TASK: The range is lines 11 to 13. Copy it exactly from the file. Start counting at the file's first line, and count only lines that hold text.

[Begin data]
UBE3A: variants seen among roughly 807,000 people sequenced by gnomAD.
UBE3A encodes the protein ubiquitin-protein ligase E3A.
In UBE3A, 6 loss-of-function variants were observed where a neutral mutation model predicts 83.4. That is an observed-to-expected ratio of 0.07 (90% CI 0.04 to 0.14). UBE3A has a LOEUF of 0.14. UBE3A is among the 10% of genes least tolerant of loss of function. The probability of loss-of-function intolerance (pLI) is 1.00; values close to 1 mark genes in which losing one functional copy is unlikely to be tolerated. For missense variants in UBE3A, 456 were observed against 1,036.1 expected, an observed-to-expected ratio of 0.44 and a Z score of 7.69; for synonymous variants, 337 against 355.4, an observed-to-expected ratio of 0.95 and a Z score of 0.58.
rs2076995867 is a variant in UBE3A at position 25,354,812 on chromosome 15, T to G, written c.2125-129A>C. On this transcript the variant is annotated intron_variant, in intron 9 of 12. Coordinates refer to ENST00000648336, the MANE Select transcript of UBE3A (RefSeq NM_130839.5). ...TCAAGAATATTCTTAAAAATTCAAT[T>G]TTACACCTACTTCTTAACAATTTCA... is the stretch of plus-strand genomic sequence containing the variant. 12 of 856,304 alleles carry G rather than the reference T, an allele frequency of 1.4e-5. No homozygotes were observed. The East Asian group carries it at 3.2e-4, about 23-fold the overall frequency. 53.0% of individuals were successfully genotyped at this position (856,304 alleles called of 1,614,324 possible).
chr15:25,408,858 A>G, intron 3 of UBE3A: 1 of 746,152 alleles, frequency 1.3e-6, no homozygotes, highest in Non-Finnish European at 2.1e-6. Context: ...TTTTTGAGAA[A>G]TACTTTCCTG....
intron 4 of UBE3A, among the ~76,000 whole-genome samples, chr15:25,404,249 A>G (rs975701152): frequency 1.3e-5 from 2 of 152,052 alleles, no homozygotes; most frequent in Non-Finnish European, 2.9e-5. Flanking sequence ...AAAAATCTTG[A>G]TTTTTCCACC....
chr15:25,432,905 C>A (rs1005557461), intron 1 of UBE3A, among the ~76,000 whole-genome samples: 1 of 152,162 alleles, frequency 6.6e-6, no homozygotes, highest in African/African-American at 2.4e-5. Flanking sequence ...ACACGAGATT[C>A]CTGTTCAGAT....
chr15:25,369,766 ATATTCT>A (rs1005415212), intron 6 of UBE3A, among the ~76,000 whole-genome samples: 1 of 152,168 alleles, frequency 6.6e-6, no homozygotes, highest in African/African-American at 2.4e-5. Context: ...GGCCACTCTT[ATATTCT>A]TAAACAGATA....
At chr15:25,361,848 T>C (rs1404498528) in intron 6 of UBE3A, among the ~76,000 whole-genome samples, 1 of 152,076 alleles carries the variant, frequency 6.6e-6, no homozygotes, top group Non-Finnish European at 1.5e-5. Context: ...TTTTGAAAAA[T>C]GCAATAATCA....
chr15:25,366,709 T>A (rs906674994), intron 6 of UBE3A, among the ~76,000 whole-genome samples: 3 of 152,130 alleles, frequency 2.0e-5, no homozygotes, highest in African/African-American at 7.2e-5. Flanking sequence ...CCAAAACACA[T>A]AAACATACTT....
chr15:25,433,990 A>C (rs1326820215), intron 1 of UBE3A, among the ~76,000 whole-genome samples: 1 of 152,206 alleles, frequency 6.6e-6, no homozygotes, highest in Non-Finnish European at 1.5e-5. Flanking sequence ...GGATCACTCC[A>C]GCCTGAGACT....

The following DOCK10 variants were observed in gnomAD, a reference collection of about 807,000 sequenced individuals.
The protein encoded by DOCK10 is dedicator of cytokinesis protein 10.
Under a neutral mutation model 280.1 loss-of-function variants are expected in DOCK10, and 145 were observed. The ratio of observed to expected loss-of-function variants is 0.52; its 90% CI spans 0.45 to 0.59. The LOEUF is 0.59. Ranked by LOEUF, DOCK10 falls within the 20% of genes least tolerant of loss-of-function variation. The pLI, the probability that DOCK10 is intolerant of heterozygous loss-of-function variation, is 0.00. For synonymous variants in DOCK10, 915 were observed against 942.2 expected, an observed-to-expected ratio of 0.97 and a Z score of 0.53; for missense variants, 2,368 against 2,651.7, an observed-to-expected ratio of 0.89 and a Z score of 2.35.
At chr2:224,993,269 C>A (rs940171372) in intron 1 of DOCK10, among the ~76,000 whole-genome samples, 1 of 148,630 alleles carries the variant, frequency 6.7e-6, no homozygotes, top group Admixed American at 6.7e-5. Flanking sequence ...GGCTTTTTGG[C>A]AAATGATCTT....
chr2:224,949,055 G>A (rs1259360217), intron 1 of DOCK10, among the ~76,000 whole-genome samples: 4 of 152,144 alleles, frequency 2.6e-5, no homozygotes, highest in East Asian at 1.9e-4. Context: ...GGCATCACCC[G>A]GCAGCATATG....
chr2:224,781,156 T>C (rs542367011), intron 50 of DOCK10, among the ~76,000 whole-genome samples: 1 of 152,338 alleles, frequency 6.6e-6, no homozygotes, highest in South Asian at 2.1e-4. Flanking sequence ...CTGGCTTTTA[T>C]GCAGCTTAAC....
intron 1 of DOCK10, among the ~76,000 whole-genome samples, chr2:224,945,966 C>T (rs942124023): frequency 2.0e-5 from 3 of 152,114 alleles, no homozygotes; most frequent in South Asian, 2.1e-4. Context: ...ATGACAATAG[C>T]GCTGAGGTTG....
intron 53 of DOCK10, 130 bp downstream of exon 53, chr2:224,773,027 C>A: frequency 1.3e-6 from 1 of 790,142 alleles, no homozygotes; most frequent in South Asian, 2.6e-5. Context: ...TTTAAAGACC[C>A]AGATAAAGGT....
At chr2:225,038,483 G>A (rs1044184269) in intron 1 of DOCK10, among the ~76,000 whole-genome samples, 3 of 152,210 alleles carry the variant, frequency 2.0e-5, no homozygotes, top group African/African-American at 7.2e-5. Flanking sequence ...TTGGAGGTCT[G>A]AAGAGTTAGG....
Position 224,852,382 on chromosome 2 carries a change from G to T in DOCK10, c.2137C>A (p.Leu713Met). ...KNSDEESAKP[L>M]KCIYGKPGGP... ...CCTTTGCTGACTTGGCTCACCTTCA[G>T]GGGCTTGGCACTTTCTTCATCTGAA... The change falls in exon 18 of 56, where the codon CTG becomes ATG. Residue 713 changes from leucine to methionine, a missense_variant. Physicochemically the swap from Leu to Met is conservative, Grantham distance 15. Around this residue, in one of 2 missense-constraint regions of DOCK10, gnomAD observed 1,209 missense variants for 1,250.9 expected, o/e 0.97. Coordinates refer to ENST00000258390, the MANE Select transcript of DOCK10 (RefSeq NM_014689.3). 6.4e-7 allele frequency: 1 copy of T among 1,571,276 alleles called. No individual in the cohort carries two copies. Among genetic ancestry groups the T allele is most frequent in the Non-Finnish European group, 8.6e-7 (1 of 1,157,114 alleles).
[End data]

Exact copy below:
chr15:25,433,990 A>C (rs1326820215), intron 1 of UBE3A, among the ~76,000 whole-genome samples: 1 of 152,206 alleles, frequency 6.6e-6, no homozygotes, highest in Non-Finnish European at 1.5e-5. Flanking sequence ...GGATCACTCC[A>C]GCCTGAGACT....

The following DOCK10 variants were observed in gnomAD, a reference collection of about 807,000 sequenced individuals.
The protein encoded by DOCK10 is dedicator of cytokinesis protein 10.